Four probably reasons why teenage depression & suicide are increasing at a rapid rate
Statistics show the phenomenal rise of teen depression and suicide happened when the internet, social media, and gadgets became readily available. Not only anxiety but gender dysphoria increased 4,000 folds. [Abigail Shrier]
1. Fatherless and uninvolved fathers
- 63% percent of youth suicides
- 90% are homeless and runaway
- 85% have character disorder
- 71% are High School dropouts
- 75% involved in drug abuse
2. Increase in knowledge and a comfortable life
As knowledge increases, fear decreases. With less anxiety and comfortable life, as most have today, God becomes irrelevant. Without God, Satan has a field day with anyone.
3. Genetic and spiritual side to depression
Known today as depressive disorder, neurosis is a personality trait that can be inherited. But the Bible calls it a sinful nature. Interestingly, thankfulness and community work can help eliminate depression. [Overcoming depression in the Bible]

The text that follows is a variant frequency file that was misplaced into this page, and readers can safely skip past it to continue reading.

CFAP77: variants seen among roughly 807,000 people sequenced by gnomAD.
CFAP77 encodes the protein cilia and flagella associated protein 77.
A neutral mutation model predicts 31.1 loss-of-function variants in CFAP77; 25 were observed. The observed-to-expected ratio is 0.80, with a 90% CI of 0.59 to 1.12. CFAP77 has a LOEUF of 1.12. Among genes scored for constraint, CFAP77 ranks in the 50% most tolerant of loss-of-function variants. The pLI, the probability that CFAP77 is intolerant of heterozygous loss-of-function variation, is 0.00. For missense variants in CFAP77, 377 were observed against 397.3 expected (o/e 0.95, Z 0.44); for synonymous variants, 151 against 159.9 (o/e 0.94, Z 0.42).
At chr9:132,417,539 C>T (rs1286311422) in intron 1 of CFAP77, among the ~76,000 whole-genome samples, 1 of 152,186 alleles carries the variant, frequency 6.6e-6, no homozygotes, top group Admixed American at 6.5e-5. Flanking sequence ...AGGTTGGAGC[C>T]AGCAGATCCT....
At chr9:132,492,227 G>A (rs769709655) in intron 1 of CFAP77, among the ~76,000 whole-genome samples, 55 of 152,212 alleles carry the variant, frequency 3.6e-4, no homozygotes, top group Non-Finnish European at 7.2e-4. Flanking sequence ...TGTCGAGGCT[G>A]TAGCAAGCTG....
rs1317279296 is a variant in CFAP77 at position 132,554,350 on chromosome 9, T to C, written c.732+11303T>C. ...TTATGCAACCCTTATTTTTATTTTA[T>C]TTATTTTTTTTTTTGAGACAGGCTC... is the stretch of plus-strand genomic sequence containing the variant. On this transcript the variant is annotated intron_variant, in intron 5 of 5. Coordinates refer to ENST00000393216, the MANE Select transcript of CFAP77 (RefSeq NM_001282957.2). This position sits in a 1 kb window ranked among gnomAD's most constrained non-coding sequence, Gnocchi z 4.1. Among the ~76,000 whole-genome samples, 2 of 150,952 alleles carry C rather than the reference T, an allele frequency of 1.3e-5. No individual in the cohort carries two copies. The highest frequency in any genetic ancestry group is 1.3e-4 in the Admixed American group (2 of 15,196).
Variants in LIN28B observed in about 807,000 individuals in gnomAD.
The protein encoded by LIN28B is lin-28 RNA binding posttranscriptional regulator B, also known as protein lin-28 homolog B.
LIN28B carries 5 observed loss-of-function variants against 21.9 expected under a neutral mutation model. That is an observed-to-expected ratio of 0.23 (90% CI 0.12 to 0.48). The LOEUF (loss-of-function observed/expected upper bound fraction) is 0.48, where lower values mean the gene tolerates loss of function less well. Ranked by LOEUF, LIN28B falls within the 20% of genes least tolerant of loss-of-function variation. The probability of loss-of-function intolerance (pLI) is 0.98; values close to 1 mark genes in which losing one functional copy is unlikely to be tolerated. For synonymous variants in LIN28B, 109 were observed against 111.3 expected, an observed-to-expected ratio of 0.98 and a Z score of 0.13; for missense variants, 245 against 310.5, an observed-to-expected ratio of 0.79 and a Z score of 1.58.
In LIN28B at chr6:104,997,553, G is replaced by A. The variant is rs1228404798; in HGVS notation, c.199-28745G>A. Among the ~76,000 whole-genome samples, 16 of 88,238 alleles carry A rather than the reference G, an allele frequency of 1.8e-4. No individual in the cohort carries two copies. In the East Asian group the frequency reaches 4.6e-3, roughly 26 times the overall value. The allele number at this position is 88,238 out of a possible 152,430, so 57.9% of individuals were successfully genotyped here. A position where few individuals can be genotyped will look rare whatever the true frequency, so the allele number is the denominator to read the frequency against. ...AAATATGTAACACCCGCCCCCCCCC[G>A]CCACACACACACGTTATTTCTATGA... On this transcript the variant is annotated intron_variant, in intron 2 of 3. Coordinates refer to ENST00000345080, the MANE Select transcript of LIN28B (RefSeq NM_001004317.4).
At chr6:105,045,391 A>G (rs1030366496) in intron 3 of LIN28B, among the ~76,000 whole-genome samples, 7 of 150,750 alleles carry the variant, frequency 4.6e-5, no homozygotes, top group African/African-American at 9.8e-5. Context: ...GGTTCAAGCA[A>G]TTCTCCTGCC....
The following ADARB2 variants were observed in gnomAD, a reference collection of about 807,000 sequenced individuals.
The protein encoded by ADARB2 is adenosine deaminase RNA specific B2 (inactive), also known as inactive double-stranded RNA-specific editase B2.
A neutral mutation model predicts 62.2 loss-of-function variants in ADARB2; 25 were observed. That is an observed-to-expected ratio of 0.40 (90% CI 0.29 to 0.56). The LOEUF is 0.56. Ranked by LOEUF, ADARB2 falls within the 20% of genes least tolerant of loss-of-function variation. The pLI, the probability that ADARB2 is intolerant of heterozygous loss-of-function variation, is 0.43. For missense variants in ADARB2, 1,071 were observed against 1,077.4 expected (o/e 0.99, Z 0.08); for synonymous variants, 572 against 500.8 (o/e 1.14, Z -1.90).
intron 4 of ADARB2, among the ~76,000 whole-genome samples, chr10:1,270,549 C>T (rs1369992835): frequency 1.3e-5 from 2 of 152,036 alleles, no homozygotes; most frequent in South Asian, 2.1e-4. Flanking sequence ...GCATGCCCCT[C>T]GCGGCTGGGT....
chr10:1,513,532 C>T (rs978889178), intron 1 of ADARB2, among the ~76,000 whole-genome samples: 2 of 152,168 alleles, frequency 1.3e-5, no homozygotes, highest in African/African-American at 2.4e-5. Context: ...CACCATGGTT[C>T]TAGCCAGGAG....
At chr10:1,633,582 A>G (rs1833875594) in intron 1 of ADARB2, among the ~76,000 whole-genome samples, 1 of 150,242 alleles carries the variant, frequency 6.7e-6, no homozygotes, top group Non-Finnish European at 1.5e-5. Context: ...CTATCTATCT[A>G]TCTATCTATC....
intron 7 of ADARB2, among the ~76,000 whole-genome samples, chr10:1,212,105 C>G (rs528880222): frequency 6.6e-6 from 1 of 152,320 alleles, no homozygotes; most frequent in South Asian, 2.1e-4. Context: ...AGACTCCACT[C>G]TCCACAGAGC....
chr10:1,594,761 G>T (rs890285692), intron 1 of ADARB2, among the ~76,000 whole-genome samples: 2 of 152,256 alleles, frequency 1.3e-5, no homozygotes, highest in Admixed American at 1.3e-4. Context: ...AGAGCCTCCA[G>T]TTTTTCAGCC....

According to a study, higher spirituality scores correlated with fewer depressive symptoms. Even though there are pastors who committed suicide, the evidence of faith-based healing remains strong. [SSRI vs. talk therapy]
4. More movies today glorify depression & suicide
It may not be the intention of most movies made in Hollywood, but producers and directors are putting more “shock value” to films. The more controversial and Avant-Garde, the better the ratings.
For example, a surge in teen suicide was blamed on the Netflix series “13 Reasons Why.” It is a story of a teenage girl’s suicide. The show seems to glamorize the problem.
A study showed that suicide rates among adolescent boys spiked the following month after its release.
Likewise, a sharp 143% rise of primarily teenage girls as young as 10 to 15 attempting to kill themselves with poison.
The Netflix show “13 Reasons Why” was associated with a 28.9% increase in suicide rates among U.S. youth ages 10-17 in the month (April 2017) following the show’s release, after accounting for ongoing trends in suicide rates, according to a study published in Journal of the American Academy of Child and Adolescent Psychiatry.